UK ‘can adapt buildings to warming with shutters, insulation and green roofs'
The UK can adapt its buildings to global warming by rolling out low technology measures like green roofs, external blinds and insulation as the country responds to rising temperatures, experts have said.
Record temperatures and heatwaves this summer have prompted warnings that Britain must proactively respond to the changing climate when it comes to its built environment.
Researchers from the University of Oxford published a study this week which found that the UK is one of the countries that will have to adapt the most radically to cool down buildings as climate change drives up the global average temperature.
The scientists warned of a “vicious cycle” developing whereby people burn more fossil fuels to provide energy for cooling which then heats the climate still further, requiring more energy.
But Oliver Neve, a structural engineer with a sustainability background at Ramboll, said low tech solutions, like external shutters or blinds, green roofs, lighter coloured exteriors, insulation and less paving over the surrounding area, can help to keep existing or older buildings cool and improve their climate resilience.
Mr Neve told the PA news agency: “There’s an awful lot of work that has to be done within the existing (UK building) stock to prepare us for these climate changes.
“So we absolutely have to be proactive in our approach rather than reactive because the cost is just going to be far too great in terms of the impacts to society and unfortunately to those with fragile health.”
Mr Neve said UK buildings do not traditionally include features like external blinds or shutters, which are rife across Europe even in cooler areas.
“It is really rare to see any kind of external shading on typical housing stock in London, like an external blind or shutter, yet in Lille which has an identical climate, they’re widespread,” Mr Neve said.
Meanwhile, new buildings need to incorporate good design for climate resilience, including factors like orientating the main faces away from direct sunlight, minimising solar gain with less glazing and including green roofs, he said.
Mr Neve added that vegetation is “very helpful especially against the heat island effect” in cities while “considering those low tech options that improve biodiversity becomes a win-win”.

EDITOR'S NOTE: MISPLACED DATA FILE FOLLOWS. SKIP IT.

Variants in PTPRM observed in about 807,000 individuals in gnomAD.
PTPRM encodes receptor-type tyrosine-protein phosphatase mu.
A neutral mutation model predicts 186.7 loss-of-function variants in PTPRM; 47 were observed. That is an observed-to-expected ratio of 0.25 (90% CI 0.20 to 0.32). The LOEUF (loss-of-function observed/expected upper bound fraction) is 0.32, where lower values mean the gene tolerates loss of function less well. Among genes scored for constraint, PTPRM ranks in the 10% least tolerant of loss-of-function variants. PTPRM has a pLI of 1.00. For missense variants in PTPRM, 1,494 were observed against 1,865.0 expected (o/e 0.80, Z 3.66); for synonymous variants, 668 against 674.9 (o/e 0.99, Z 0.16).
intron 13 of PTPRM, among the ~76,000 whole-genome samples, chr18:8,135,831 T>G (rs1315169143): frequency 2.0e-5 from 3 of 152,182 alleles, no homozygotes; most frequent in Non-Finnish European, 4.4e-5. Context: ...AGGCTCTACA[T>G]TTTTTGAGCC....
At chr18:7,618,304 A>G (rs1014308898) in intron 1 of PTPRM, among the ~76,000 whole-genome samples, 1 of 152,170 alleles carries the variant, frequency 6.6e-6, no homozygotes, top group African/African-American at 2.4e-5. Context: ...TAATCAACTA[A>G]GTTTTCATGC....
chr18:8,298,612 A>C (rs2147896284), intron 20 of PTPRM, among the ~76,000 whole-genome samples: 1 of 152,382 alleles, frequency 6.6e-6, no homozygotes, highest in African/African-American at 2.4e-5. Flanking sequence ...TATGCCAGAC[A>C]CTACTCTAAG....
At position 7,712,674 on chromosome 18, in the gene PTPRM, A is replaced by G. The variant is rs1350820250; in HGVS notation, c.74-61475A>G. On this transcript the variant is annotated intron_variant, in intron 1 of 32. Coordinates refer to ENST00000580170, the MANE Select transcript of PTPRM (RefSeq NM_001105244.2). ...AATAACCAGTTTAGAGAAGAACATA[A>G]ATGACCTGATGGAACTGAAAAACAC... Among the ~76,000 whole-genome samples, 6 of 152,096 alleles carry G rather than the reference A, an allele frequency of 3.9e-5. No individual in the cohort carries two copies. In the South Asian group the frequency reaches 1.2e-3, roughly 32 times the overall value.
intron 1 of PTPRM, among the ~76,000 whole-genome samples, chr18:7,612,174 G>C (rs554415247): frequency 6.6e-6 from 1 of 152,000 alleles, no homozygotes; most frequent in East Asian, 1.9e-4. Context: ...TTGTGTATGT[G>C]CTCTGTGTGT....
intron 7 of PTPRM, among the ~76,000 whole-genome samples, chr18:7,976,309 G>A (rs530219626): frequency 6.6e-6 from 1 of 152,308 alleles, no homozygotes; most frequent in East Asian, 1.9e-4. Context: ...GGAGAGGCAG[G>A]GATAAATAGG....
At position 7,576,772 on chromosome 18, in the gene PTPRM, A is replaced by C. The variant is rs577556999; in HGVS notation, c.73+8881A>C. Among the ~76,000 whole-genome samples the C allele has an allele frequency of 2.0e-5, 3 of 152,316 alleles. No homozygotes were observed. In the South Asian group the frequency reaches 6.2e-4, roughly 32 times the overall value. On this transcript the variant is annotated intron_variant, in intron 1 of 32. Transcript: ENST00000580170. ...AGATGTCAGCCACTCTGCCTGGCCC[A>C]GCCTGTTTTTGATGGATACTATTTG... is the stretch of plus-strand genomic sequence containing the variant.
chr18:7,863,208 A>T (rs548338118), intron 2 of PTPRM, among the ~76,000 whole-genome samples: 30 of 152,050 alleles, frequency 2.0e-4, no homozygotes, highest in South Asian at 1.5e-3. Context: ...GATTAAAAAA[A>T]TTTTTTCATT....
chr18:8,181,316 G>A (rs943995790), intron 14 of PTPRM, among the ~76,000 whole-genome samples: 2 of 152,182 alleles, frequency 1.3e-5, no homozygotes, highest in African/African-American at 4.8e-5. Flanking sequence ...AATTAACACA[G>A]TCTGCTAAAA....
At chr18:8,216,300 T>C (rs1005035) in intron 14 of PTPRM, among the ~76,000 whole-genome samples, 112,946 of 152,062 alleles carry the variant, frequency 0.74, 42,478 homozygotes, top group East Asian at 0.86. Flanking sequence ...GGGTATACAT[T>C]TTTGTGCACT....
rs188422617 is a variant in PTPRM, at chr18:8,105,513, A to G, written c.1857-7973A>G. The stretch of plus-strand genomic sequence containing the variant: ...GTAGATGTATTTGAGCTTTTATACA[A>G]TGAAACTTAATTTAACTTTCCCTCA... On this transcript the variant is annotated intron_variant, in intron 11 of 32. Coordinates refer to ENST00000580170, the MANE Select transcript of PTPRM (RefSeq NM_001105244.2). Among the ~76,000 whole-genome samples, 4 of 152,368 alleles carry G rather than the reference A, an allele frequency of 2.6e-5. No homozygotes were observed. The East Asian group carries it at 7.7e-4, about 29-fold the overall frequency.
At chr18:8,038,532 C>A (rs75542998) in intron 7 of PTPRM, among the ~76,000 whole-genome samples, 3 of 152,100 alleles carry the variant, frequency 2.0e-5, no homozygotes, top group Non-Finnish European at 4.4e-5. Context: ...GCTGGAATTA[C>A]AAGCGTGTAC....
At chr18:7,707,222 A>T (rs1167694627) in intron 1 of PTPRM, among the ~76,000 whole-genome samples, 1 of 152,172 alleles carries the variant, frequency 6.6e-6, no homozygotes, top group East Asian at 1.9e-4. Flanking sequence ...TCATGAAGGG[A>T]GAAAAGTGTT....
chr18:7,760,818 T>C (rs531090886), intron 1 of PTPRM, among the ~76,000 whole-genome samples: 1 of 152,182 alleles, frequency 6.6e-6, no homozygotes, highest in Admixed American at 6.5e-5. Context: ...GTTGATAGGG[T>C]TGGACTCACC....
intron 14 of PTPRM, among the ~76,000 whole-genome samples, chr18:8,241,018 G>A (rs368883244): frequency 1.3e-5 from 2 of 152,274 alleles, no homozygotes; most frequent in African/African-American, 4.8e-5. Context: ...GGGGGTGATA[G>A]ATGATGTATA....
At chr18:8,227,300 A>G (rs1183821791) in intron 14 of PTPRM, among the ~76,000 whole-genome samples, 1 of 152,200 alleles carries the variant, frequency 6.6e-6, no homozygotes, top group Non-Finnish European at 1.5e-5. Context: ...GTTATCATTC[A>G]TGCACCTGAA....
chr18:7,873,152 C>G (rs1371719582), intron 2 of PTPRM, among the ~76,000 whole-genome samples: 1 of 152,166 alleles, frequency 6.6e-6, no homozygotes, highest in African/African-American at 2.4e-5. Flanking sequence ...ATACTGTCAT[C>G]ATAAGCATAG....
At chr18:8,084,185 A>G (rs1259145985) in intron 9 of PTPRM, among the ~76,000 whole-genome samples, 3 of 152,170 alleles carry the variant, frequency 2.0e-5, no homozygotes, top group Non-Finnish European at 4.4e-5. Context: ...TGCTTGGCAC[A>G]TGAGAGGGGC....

Elsewhere, removing paved-over soil can help with other climate change effects like higher precipitation and storm events, he said.
“It’s frustrating to see (that) we are just paving over huge areas and we know that urban heat island effect, biodiversity loss and surface water run-off, all these things can just be mitigated by a bit more vegetation in our lives and that’s very much in the power of individuals to make those changes to their homes,” he added.
The Trees for Cities charity, which plants urban vegetation, also says greenery can play a vital role in helping to mitigate the effects of climate change in the built environment.
Kate Sheldon, chief executive of the charity, said: “With 80% of the population living in towns or cities, our impact is not only through planting urban trees, but also the social value of inspiring curiosity in nature, engaging people to care for trees, and empowering them to take climate action.”
Meanwhile, Kate Charrington, a Surrey-based property surveyor and consultant, warned that the issues are “complex” with no “one-size-fits-all approach” as different buildings will need different solutions.
Ms Charrington said: “A property is specific, the changes for one may not be the changes or adaptations that we would make for another.”
She added that surveyors need to play a role as they are not doing enough to include the concept of retrofitting properties in their reports and they can help to establish what measures could work for different buildings.
“They are focused on defects and repairs but there is an opportunity to talk to consumers about what they might be able to do to retrofit their homes,” she added.
“If you do not have that expert then how can you actually know what the best process is going to be for that property going forward?”
It comes after the National Grid turned on standby coal-powered plants last month to cater for the rise in energy demand due to air conditioning and fans as heatwaves hit the UK.
Scientists predict that the amount of energy needed just for cooling by 2050 will be equivalent to the combined 2016 electricity use of Japan, the United States and the European Union.